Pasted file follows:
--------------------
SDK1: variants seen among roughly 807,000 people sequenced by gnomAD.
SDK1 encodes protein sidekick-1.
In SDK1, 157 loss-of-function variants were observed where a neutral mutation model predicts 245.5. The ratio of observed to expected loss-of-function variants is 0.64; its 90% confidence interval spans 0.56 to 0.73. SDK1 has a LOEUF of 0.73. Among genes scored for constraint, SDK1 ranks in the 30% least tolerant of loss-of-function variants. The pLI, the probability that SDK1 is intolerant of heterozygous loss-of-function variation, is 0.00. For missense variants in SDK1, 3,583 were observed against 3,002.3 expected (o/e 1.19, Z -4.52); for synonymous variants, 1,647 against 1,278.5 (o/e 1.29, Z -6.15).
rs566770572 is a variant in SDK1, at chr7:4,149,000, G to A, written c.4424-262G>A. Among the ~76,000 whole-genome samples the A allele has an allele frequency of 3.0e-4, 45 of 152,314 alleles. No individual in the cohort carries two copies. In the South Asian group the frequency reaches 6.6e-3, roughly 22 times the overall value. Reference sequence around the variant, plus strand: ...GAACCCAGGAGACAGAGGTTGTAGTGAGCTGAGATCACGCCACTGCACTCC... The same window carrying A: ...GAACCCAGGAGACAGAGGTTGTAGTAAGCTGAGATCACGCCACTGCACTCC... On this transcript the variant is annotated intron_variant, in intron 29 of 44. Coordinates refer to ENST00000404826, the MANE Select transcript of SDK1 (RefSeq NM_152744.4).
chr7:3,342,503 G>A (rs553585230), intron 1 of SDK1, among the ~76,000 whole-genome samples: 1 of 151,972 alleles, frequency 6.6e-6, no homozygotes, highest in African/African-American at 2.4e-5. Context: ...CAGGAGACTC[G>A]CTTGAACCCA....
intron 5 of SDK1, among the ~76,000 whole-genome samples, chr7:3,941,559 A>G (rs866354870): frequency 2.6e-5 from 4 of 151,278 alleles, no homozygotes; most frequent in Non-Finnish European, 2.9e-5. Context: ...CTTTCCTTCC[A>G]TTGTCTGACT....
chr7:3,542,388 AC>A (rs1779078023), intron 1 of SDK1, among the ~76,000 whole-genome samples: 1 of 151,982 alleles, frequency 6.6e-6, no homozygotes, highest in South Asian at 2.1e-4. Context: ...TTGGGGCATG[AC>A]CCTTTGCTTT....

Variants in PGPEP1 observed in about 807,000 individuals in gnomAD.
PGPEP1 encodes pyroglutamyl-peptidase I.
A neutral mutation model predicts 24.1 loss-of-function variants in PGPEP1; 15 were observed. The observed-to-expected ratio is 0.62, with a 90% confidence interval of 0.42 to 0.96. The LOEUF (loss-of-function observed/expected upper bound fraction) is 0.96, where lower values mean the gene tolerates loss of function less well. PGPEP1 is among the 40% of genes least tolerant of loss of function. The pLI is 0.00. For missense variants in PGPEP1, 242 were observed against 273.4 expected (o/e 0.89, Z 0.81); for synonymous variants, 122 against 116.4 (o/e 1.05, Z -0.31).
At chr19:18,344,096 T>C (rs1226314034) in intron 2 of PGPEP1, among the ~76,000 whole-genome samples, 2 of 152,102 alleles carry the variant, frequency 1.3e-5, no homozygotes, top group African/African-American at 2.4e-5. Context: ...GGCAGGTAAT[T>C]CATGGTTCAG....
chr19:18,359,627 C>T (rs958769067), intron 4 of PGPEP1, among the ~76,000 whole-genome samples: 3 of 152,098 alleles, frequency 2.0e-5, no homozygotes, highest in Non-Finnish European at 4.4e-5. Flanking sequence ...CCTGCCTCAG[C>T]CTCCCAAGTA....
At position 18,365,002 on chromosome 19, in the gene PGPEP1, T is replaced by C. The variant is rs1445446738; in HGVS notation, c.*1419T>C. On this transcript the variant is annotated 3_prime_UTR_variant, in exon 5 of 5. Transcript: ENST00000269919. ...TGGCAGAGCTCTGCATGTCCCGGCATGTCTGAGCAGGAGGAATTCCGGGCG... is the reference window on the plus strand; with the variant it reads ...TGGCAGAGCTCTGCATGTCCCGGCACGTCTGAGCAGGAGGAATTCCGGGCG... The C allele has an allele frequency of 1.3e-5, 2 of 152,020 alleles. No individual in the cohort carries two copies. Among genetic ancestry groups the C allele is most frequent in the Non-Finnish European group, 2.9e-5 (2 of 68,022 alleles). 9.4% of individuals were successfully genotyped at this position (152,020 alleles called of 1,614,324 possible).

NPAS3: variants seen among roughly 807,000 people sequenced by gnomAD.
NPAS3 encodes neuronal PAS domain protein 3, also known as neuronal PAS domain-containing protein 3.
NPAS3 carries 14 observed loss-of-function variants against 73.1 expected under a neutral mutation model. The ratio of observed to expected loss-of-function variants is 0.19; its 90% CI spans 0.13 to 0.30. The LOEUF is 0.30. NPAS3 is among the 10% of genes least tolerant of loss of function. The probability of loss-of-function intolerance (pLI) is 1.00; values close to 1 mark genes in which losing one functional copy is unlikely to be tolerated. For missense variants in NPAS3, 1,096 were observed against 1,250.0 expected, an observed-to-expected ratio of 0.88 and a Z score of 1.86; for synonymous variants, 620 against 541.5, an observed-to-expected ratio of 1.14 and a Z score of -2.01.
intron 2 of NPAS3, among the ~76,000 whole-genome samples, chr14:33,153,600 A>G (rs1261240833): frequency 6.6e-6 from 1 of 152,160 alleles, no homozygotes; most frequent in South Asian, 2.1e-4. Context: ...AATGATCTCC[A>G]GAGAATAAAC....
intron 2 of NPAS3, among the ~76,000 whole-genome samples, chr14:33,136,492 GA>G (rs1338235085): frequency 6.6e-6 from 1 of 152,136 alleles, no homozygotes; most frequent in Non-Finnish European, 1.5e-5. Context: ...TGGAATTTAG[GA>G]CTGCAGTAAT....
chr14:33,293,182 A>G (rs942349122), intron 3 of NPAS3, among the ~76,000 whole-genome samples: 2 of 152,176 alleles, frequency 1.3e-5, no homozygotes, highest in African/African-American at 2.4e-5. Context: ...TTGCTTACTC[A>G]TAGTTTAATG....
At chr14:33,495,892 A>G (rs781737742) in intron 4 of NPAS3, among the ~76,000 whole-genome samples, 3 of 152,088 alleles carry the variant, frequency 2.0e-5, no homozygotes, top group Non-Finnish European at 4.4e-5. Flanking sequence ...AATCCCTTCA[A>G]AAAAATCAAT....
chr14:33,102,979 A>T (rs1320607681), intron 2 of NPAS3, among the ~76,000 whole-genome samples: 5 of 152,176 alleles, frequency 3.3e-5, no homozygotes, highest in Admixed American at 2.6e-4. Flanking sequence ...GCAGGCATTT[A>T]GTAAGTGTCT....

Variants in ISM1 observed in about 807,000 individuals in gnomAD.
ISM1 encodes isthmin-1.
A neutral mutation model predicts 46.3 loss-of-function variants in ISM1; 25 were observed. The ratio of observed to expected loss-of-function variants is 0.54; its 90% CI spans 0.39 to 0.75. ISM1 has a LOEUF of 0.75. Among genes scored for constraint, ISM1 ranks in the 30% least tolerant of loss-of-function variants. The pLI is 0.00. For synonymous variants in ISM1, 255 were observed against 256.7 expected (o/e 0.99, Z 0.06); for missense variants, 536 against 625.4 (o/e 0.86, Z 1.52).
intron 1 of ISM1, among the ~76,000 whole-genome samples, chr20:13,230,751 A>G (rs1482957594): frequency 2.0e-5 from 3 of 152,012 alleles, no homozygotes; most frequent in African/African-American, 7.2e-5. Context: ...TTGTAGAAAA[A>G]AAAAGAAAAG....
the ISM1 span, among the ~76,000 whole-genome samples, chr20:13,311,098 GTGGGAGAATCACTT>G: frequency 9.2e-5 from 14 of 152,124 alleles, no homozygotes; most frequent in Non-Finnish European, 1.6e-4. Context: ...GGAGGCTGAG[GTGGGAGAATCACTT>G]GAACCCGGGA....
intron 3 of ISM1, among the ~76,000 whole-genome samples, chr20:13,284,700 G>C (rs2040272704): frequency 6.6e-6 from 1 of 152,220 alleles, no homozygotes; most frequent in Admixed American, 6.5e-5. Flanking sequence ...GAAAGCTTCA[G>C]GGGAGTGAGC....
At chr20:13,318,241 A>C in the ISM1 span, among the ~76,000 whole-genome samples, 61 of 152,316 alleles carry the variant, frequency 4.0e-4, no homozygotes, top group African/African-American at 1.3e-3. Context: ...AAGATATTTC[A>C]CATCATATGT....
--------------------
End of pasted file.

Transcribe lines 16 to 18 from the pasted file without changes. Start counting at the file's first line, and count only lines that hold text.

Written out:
NPAS3 carries 14 observed loss-of-function variants against 73.1 expected under a neutral mutation model. The ratio of observed to expected loss-of-function variants is 0.19; its 90% CI spans 0.13 to 0.30. The LOEUF is 0.30. NPAS3 is among the 10% of genes least tolerant of loss of function. The probability of loss-of-function intolerance (pLI) is 1.00; values close to 1 mark genes in which losing one functional copy is unlikely to be tolerated. For missense variants in NPAS3, 1,096 were observed against 1,250.0 expected, an observed-to-expected ratio of 0.88 and a Z score of 1.86; for synonymous variants, 620 against 541.5, an observed-to-expected ratio of 1.14 and a Z score of -2.01.
intron 2 of NPAS3, among the ~76,000 whole-genome samples, chr14:33,153,600 A>G (rs1261240833): frequency 6.6e-6 from 1 of 152,160 alleles, no homozygotes; most frequent in South Asian, 2.1e-4. Context: ...AATGATCTCC[A>G]GAGAATAAAC....
intron 2 of NPAS3, among the ~76,000 whole-genome samples, chr14:33,136,492 GA>G (rs1338235085): frequency 6.6e-6 from 1 of 152,136 alleles, no homozygotes; most frequent in Non-Finnish European, 1.5e-5. Context: ...TGGAATTTAG[GA>G]CTGCAGTAAT....